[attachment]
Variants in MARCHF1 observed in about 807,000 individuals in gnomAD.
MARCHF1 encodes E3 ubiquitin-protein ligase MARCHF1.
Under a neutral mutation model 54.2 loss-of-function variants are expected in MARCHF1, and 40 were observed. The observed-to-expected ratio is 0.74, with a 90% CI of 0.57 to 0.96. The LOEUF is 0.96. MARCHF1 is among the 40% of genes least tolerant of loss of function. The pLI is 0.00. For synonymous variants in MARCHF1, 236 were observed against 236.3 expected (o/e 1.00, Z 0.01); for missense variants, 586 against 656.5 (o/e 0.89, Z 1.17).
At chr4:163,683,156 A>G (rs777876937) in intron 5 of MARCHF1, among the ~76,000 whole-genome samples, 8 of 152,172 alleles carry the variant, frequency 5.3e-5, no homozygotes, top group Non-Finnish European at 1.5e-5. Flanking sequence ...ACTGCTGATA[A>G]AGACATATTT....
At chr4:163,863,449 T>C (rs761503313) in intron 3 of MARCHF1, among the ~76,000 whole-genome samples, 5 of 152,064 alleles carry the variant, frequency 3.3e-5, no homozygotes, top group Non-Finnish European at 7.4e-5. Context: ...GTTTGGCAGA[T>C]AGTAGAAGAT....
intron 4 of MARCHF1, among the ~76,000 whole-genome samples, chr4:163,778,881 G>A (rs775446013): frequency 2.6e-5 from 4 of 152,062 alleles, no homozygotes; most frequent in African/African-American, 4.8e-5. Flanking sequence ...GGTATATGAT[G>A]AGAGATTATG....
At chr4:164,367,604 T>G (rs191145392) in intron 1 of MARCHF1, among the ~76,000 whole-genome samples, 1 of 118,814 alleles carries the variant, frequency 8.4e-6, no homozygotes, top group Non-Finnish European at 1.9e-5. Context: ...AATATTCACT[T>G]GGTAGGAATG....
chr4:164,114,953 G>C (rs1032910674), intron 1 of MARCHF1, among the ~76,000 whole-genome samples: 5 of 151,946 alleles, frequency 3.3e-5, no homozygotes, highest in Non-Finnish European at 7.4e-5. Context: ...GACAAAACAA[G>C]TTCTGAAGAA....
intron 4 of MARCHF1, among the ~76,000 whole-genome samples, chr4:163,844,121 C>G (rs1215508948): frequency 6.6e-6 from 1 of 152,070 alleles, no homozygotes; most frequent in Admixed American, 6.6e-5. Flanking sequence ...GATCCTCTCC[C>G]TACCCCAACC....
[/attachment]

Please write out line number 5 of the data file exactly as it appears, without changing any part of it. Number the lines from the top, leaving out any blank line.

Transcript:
At chr4:163,863,449 T>C (rs761503313) in intron 3 of MARCHF1, among the ~76,000 whole-genome samples, 5 of 152,064 alleles carry the variant, frequency 3.3e-5, no homozygotes, top group Non-Finnish European at 7.4e-5. Context: ...GTTTGGCAGA[T>C]AGTAGAAGAT....